Presentation Details

The Second International Conference on New Directions in the Humanities

The EffecTime Race Juvenile Justice Decision Making One Juvenile Court

Prof. Mike Leiber, Mahesh K. Nalla, Kristan C. Fox.


The “get tough movement” and the “war on drugs” have had a significant impact on the detection and involvement of youth, especially African Americans, in the juvenile justice system. The “get tough movement” and the “war on drugs” have had a significant impact on the detection and involvement of youth, especially African Americans, in the juvenile justice system. Using the symbolic threat thesis as a theoretical framework and data that covers a 21 year-period (1980 to 2000), the present research examines and compares patterns in case processing within the context of the factors that might influence case outcomes for whites and African Americans in one Iowa juvenile court. The findings have implications for advancing our understanding of the social control of youth and in particular, African Americans. The findings have implications for advancing our understanding of the social control of youth and in particular, African Americans.

Presenters

Prof. Mike Leiber  (United States)
Professor
Department of Sociology, Anthropology & Criminology
University of Northern Iowa

Dr. Leiber is a professor in the Department of Sociology/Anthropology and Criminology and the director of the Sociology Graduate Program at the University of Northern Iowa. Dr. Leiber has published articles and reports, as well as presented papers on issues related to juvenile delinquency, juvenile justice, and race/ethnicity. Dr. Leiber also conducted a study on race and juvenile justice decision making in Iowa and the results of that effort are coming out in a forthcoming book by the State University of New York Press. He serves on the state of Iowa’s governor’s juvenile justice advisory group (SAG) and is the chair of the disproportionate minority confinement (DMC) subcommittee. He also acts as a consultant for the Office of Juvenile Justice and Delinquency Prevention (OJJDP). The services provided include report writing, acting as the national trainer to juvenile justice specialists, DMC coordinators, and state advisory councils on the disproportionate overrepresentation of minority youth in secure facilities, and evaluation of treatment programs and case management information systems. He also is the primary lead on providing intensive technical assistance to the states of Massachusetts and Alaska for developing strategies and interventions to reduce DMC.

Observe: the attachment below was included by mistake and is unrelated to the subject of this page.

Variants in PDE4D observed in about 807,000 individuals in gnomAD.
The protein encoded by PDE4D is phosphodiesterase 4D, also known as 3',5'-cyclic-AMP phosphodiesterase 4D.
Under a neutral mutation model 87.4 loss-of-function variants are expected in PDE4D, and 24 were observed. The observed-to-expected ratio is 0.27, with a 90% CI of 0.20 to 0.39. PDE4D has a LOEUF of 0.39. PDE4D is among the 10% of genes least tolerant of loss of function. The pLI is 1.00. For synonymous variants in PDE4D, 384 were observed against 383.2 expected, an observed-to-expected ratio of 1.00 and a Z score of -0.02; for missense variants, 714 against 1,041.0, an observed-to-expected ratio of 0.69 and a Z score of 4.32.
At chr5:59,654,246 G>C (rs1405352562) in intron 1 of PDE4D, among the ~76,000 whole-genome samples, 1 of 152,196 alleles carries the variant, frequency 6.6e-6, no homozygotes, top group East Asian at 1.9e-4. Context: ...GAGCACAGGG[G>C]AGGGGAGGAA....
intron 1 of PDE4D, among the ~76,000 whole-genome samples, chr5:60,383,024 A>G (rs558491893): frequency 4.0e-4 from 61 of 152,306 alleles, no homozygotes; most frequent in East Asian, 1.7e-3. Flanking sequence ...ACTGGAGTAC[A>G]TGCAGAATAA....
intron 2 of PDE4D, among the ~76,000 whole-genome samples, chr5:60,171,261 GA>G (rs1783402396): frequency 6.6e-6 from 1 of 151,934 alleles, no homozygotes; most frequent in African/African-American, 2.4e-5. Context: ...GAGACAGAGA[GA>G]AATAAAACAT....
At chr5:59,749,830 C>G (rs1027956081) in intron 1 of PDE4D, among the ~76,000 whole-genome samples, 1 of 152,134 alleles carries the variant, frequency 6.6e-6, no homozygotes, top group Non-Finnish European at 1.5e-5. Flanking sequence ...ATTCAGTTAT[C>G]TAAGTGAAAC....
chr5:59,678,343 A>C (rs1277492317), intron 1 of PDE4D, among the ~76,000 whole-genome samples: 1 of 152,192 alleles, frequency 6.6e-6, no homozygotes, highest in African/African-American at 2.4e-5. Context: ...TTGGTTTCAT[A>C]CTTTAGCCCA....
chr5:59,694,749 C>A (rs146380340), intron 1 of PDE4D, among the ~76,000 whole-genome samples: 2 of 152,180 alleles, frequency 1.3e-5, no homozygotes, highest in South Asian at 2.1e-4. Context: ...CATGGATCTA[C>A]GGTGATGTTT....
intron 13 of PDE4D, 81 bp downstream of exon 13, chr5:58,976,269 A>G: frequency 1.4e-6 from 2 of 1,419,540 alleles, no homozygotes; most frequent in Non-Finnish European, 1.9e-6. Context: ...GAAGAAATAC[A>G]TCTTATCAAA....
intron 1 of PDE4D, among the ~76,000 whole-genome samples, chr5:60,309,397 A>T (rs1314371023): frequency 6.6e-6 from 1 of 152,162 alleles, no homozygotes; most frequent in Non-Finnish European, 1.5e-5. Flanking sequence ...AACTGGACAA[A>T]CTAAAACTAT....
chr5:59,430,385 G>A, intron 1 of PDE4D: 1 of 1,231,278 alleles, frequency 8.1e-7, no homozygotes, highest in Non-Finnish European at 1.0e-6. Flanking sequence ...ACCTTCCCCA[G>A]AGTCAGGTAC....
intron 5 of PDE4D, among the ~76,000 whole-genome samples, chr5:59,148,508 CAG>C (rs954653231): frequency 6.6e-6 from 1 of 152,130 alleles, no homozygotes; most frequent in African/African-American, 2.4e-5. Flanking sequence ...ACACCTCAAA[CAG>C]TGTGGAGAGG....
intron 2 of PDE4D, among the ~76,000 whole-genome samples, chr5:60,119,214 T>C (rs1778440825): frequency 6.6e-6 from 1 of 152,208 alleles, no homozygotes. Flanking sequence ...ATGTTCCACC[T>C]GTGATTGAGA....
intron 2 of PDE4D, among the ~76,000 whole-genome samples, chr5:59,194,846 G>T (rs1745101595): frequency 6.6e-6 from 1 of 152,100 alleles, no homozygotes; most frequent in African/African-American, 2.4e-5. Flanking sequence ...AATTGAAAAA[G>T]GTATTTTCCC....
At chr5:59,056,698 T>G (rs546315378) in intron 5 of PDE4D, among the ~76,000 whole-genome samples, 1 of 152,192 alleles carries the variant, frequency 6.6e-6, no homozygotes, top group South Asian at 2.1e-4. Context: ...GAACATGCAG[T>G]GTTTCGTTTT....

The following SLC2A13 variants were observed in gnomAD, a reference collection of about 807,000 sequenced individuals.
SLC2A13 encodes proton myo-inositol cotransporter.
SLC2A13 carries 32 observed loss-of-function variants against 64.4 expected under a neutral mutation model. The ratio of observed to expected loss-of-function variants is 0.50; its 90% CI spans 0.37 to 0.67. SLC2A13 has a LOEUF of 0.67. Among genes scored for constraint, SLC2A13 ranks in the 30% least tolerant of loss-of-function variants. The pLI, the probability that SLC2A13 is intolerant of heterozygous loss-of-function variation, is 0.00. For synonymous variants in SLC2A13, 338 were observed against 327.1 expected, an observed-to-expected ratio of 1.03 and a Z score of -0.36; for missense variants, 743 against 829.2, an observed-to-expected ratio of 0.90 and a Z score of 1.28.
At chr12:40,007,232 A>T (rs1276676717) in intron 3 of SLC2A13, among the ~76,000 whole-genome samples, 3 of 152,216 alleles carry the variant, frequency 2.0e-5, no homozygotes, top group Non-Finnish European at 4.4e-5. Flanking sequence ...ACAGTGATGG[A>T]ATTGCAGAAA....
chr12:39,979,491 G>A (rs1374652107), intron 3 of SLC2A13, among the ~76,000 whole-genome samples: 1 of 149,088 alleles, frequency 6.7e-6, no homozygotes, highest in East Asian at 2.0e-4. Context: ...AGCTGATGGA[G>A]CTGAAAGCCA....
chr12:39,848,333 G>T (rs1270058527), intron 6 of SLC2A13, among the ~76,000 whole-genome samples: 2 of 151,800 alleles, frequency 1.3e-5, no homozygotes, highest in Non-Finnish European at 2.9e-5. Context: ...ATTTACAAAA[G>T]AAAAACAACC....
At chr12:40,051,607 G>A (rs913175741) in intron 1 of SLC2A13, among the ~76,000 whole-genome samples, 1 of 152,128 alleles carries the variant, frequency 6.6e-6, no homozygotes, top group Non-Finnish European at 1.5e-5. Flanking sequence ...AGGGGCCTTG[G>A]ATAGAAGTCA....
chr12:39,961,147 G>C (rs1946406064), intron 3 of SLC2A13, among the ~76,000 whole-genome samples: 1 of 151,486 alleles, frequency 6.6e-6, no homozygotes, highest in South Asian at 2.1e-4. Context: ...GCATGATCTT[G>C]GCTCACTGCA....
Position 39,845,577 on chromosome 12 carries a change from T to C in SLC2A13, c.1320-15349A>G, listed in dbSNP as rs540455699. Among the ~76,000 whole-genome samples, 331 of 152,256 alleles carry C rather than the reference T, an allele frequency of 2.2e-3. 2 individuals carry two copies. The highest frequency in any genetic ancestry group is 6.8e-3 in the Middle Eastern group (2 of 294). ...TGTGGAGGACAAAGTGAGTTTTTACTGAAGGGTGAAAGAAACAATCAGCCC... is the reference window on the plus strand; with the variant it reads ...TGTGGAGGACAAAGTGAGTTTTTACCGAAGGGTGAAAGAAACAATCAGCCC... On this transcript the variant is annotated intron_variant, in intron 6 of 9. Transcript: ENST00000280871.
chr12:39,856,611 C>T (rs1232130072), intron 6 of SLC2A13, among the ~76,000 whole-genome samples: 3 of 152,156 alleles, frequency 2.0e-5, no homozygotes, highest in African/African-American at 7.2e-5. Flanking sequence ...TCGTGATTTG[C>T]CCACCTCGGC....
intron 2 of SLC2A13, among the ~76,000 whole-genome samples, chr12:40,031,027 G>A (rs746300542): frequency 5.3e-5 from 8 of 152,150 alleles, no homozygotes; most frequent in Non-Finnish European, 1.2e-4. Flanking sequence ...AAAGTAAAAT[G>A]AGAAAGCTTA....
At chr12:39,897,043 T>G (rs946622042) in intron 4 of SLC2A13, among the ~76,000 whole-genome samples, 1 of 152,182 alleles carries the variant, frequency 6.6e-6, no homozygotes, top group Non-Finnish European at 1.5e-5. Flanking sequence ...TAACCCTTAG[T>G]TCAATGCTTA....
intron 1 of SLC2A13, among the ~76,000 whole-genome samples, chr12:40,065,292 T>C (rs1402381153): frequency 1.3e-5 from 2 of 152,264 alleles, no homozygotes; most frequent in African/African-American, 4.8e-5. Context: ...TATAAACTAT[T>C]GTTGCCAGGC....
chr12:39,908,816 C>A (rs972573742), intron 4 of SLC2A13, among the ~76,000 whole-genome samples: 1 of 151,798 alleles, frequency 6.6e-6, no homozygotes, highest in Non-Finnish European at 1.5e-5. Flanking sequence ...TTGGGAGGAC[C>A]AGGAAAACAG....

Mahesh K. Nalla  (United States)


Michigan State University



Kristan C. Fox  (United States)


University of Northern Iowa


Keywords
  • Race
  • Inequality
  • Discrimination



(30 min. Conference Paper, English)